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Joel Marcus and the Ending of Mark

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  • James Snapp, Jr.
    Joel Marcus is the professor of New Testament and Christian Origins at Duke Divinity School. He is the author of volume 27A of the Anchor Yale Bible, which
    Message 1 of 65 , May 26 10:24 PM
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      Joel Marcus is the professor of New Testament and Christian Origins at Duke Divinity School. He is the author of volume 27A of the Anchor Yale Bible, which covers Mark 8-16 - - 8:22 to 16:8, to be precise. His comments on Mark 16:9-20 are contained in "Postscript: The Markan Ending," on pages 1088-1096. He begins to describe the evidence:

      "These verses are found in the overwhelming majority of manuscripts and in all major manuscript families and are attested already by Irenaeus (/Against Heresies/ 3.10.5) in 185 C.E. and perhaps, even earlier, by Justin (/1 Apology/ 45, around 155 C.E.). But they were almost certainly not penned by Mark, nor were they the original ending of the Gospel. Matthew and Luke follow Mark's narrative closely up to 16:8, whereas beyond it they diverge radically, suggesting that their version of Mark did not contain anything subsequent to 16:8 (see Lane, 601)."

      Up to this point, Marcus' description of the external evidence is reasonably accurate (except his claim that Luke closely follows Mark in Lk. 24:1-9). He doesn't point out the likelihood that Justin was employing a phrase from a 3-Gospel Harmony; nor does he mention the testimony of Tatian or the Epistula Apostolorum. But I've seem worse.

      However, next comes a feature all too common to modern-day commentaries on Mark: the author leans on Metzger, and, in the process of rephrasing Metzger's statements, distorts the evidence:

      Metzger: "The last twelve verses are absent from the two oldest Greek manuscripts (Aleph and B), from the Old Latin codex Bobiensis (it-k), the Sinaitic Syriac manuscript, about one hundred Armenian manuscripts, and the two oldest Georgian manuscripts (written A.D. 897 and A.D. 913)."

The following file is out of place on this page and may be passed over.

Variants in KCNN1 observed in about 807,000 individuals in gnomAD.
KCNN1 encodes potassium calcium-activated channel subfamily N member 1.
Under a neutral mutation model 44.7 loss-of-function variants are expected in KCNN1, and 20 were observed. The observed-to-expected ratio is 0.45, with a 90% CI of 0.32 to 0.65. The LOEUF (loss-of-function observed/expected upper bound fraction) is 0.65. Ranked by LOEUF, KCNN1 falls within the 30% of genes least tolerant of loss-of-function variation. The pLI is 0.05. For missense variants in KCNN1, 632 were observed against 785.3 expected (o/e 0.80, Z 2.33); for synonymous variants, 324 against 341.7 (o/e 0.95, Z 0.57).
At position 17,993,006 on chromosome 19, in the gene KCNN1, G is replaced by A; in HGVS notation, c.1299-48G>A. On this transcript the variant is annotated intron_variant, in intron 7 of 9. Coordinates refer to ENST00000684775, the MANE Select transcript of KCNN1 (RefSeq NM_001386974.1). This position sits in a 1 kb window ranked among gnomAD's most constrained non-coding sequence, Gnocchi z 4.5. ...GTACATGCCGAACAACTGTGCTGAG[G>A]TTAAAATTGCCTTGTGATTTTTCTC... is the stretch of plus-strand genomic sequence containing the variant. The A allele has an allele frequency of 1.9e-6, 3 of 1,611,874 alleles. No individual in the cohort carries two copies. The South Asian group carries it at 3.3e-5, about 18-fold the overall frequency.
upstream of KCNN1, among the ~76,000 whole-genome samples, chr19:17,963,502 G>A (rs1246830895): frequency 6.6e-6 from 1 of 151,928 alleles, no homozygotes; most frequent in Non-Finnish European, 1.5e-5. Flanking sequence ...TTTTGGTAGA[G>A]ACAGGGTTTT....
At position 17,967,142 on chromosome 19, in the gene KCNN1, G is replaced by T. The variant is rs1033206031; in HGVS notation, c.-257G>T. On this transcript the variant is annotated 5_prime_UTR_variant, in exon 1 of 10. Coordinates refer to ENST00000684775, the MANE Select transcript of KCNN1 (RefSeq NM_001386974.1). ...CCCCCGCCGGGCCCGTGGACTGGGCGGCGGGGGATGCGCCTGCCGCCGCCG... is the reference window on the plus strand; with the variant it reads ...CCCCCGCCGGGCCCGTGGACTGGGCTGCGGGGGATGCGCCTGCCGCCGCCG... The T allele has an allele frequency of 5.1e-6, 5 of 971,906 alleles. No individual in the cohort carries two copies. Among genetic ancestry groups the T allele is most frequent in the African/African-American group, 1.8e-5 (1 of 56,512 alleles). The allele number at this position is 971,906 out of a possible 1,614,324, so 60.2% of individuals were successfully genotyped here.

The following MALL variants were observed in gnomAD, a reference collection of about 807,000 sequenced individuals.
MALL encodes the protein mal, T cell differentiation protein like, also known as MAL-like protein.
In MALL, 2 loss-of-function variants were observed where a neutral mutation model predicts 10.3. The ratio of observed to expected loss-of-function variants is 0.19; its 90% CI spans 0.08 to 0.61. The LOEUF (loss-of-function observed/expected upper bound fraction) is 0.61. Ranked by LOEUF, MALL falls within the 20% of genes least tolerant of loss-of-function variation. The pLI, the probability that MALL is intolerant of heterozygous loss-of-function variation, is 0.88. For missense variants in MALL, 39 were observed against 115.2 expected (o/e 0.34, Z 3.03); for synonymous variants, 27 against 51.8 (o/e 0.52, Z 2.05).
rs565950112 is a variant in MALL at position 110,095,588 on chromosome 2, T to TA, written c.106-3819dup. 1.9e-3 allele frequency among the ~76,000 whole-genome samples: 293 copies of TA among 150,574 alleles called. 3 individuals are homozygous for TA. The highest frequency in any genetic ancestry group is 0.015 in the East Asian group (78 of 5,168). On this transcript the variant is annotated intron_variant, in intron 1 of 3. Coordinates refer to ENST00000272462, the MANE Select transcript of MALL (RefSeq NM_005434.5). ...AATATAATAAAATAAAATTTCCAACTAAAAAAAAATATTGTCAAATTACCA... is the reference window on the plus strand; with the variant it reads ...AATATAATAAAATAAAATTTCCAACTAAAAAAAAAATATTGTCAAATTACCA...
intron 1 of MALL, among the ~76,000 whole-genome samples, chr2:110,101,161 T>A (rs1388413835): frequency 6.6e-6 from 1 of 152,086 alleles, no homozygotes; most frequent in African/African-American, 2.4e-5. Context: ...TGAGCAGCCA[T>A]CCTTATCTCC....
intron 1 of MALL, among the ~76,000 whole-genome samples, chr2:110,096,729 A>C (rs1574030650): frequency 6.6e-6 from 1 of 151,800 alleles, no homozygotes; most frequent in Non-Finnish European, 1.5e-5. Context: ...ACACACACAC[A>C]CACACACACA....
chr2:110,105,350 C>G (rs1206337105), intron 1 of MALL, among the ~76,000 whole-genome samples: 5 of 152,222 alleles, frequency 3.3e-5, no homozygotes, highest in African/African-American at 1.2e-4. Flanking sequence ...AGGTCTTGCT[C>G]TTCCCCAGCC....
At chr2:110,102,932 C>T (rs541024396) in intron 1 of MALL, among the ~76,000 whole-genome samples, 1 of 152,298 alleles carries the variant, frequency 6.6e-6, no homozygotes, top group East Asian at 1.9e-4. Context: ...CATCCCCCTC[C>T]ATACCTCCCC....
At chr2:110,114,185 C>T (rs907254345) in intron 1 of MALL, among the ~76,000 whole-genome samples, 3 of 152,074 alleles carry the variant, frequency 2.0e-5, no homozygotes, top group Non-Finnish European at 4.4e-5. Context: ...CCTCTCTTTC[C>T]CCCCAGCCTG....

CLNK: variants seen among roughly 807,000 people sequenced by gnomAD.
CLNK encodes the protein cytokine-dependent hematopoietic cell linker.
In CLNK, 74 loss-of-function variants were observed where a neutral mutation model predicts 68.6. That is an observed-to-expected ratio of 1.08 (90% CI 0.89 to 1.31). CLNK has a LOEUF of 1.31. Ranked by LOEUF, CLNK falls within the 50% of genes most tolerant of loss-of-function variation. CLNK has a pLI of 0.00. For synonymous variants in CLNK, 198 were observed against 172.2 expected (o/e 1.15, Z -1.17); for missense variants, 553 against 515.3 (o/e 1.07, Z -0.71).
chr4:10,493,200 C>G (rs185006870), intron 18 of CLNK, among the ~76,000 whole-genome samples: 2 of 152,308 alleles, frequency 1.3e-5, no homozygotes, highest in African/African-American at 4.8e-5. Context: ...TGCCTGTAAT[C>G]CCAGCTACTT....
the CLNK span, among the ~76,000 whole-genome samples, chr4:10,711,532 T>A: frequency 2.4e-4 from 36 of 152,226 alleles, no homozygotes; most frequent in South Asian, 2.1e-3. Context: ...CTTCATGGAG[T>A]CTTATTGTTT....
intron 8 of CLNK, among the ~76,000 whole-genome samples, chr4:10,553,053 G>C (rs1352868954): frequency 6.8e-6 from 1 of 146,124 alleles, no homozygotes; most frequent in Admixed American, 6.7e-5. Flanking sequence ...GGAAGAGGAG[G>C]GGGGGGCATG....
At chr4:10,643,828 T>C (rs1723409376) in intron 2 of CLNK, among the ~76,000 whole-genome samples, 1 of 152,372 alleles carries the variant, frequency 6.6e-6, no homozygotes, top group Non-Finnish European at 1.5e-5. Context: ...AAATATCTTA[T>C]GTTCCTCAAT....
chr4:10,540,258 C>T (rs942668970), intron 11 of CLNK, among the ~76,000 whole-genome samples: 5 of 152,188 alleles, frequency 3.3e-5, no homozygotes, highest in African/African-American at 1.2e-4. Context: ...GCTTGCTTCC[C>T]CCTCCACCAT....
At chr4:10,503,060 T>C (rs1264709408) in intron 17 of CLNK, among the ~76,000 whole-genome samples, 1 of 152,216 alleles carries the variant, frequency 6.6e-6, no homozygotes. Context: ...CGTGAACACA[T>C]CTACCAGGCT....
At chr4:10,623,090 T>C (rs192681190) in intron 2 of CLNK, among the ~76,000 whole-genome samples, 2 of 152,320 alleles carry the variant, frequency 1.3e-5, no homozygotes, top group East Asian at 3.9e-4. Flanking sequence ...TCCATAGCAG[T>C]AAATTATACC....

Marcus:
      "Verses 9-20, moreover, do not exist in our earliest and best Greek manuscripts, Sinaiticus and Vaticanus, both of which terminate at 16:8, as do the Sinaitic Syriac, about a hundred Armenian manuscripts, the two oldest Georgian manuscripts (from 897 and 913 C.E.), and all but one manuscript of the Sahidic Coptic (Metzger, 122-23; cf. Birdsall, "Review," 154)."

      One would have to read Metzger rather carelessly to derive from his words the notion that all Sahidic MSS except one terminate at 16:8; on p. 123 of "Textual Commentary" Metzger plainly states that several Sahidic MSS continue after verse 8 with the SE. But a way was found.

      What seems to have happened is that Marcus misunderstood a statement made by J. N. Birdsall in his 1975 review of William Farmer's book "The Last Twelve Verses of Mark." Birdsall noted that Farmer inaccurately described the Sahidic evidence. Birdsall was correct but Farmer's description of the evidence was only barely obsolete: Farmer's book was published in 1974, and the one Sahidic MS of Mark that stops the text at the end of 16:8 was not published until 1972. Apparently, Marcus misinterpreted Birdsall's remark about one Sahidic MS (P.Palau Inv. 182; let's just call it Barcelona Mark).